Religious freedom in the United States is protected by the Constitution. It’s strange to have to state the obvious, but the Indiana legislature and Governor Mike Pence seem to need a refresher on basic civics. On 26 March, Pence signed SB 101 into law, a bill which supposedly protects religious freedom, though in this instance, that freedom largely applies to business owners who want the right to refuse service to customers they disapprove of. As with the Supreme Court decision on Hobby Lobby, the state of Indiana is giving businesses the same rights as people. Mitt Romney would be so proud of what he hath wrought.
In a perfect world, I would be able to think that we don’t believe rape victims because we just can’t fathom rape as a thing that an otherwise normal-seeming person would ever do. I would be able to give apologists the benefit of the doubt that the truth of what rape is, what a rapist does, is so horrifying that they have to believe rape doesn’t exist.
The cycle is predictable: a public figure says something inappropriate (usually racist, sexist, homophobic or transphobic) – often, they claim, as a ploy for laughs. A significant number of people react negatively. Said public figure responds defensively to the negative reaction. And the public figure’s fans respond to the negative reaction by issuing threats (usually of rape and murder) to anyone who dared disagree with their idol. The public figure then blathers on, at length and incoherently, about freedom of speech, the ills of censorship and the scourge of political correctness.
I care about making the liberties that men enjoy so freely fully accessible to women, and if men or celebrities claiming feminism for themselves has become the spoon full of sugar to make that medicine go down, so be it.
Privacy is a privilege. It is rarely enjoyed by women or transgender men and women, queer people or people of color. When you are an Other, you are always in danger of having your body or some other intimate part of yourself exposed in one way or another. A stranger reaches out and touches a pregnant woman’s belly. A man walking down the street offers an opinion on a woman’s appearance or implores her to smile. A group of teenagers driving by as a person of color walks on a sidewalk shout racial slurs, interrupting their quiet.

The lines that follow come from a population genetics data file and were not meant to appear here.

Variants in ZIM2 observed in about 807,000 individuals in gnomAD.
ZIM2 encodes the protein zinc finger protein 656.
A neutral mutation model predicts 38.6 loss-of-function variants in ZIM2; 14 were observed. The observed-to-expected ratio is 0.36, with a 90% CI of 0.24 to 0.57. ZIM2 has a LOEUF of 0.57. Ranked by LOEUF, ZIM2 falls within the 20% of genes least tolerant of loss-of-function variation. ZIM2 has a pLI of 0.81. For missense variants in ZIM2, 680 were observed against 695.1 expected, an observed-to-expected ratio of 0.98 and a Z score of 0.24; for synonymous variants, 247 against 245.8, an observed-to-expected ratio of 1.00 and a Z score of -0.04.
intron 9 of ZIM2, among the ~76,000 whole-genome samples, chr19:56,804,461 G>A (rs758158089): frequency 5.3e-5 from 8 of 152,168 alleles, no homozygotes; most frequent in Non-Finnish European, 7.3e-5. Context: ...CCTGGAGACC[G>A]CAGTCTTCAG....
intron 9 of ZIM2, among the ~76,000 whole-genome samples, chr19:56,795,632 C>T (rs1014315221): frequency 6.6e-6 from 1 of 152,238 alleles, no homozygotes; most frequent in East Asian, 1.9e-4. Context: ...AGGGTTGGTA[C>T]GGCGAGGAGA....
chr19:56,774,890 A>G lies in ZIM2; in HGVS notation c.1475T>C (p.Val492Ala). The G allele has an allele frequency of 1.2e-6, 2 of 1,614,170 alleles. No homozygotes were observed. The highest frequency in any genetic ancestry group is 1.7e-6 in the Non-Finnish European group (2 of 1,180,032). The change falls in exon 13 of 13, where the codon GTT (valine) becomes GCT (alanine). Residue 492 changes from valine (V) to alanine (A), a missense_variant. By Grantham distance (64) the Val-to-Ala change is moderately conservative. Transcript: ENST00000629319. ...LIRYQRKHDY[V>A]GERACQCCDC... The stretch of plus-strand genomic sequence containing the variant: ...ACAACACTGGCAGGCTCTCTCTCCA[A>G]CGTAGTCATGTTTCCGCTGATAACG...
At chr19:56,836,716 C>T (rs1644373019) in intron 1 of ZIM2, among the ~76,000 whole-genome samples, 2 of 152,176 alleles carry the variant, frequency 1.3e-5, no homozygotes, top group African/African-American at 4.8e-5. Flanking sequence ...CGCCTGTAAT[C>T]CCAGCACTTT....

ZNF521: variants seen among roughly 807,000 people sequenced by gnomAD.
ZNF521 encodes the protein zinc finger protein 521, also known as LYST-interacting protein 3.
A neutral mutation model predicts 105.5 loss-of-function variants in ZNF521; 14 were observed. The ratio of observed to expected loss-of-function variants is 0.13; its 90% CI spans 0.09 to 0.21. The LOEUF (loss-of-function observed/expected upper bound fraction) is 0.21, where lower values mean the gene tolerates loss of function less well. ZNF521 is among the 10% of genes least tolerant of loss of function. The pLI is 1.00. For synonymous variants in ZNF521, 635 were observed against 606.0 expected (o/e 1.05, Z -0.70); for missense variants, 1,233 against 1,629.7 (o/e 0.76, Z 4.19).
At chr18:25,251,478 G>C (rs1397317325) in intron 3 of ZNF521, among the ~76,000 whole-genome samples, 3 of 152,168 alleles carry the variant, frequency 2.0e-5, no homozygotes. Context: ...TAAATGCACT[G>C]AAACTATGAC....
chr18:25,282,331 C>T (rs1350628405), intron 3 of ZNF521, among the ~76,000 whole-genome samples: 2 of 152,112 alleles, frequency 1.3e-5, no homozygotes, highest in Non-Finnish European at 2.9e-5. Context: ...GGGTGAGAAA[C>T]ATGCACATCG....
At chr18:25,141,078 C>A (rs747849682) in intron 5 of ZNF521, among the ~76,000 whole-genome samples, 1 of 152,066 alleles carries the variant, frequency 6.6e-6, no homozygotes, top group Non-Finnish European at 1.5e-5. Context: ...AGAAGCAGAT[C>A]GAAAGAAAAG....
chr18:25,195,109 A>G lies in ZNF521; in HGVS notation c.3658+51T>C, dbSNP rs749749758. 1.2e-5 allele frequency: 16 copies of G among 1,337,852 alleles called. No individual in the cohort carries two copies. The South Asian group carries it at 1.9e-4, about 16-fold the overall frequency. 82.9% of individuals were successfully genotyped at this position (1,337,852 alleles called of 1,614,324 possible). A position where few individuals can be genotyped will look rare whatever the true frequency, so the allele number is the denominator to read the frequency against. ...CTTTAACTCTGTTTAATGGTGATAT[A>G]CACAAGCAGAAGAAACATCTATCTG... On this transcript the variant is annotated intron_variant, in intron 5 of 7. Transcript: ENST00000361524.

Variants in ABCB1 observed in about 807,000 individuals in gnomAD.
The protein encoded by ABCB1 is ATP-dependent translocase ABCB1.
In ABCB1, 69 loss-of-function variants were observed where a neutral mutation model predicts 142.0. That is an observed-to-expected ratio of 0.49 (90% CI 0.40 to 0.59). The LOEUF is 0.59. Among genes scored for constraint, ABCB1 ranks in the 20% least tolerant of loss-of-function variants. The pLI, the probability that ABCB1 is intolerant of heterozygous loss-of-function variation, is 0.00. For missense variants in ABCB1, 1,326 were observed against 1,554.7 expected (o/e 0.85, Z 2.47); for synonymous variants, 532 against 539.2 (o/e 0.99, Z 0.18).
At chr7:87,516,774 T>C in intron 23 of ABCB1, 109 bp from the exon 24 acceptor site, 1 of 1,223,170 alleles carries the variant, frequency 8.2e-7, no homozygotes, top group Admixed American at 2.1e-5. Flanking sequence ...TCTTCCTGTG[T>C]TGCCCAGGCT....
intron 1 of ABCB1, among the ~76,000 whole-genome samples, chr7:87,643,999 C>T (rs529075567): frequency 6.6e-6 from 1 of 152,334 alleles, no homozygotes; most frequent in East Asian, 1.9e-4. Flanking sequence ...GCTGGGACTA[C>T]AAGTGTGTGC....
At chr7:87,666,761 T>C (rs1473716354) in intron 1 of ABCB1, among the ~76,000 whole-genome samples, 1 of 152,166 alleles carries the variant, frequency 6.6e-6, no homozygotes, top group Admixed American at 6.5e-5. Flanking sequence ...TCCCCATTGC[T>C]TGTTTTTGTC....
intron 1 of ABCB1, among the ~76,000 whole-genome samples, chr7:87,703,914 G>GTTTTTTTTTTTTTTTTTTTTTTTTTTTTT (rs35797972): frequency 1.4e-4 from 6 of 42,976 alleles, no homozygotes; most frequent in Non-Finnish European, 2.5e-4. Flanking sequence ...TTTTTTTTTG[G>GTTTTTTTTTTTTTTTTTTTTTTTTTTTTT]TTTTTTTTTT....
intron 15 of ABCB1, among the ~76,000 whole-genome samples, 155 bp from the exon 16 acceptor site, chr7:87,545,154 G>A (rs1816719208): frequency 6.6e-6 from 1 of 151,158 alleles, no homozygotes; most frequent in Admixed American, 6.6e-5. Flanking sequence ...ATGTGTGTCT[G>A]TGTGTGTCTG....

Public intellectuals are often put in the position of having their words, no matter how off-the-cuff, treated as doctrine. Such was recently the case when, during a panel discussion about liberating the black female body, bell hooks referred to BeyoncÃ© as a terrorist and anti-feminist. She said, "I see a part of BeyoncÃ© that is in fact, anti-feminist, that is a terrorist ... especially in terms of the impact on young girls."
PR executive Justine Sacco wrote an offensive tweet before boarding a flight from London to Cape Town, South Africa. “Going to Africa. Hope I don’t get AIDS. Just kidding. I’m white!” she said. Between the time Sacco tweeted and when she landed in South Africa twelve hours later, the hashtag #HasJustineLandedYet trended worldwide. A great many of the tweets including the hashtag were downright hilarious. Even Donald Trump, a paragon of ignorance, chastised Sacco on Twitter, saying, “Justine, what the hell are you doing, are you crazy? Not nice or fair! I will support @AidforAfrica. Justine is FIRED!”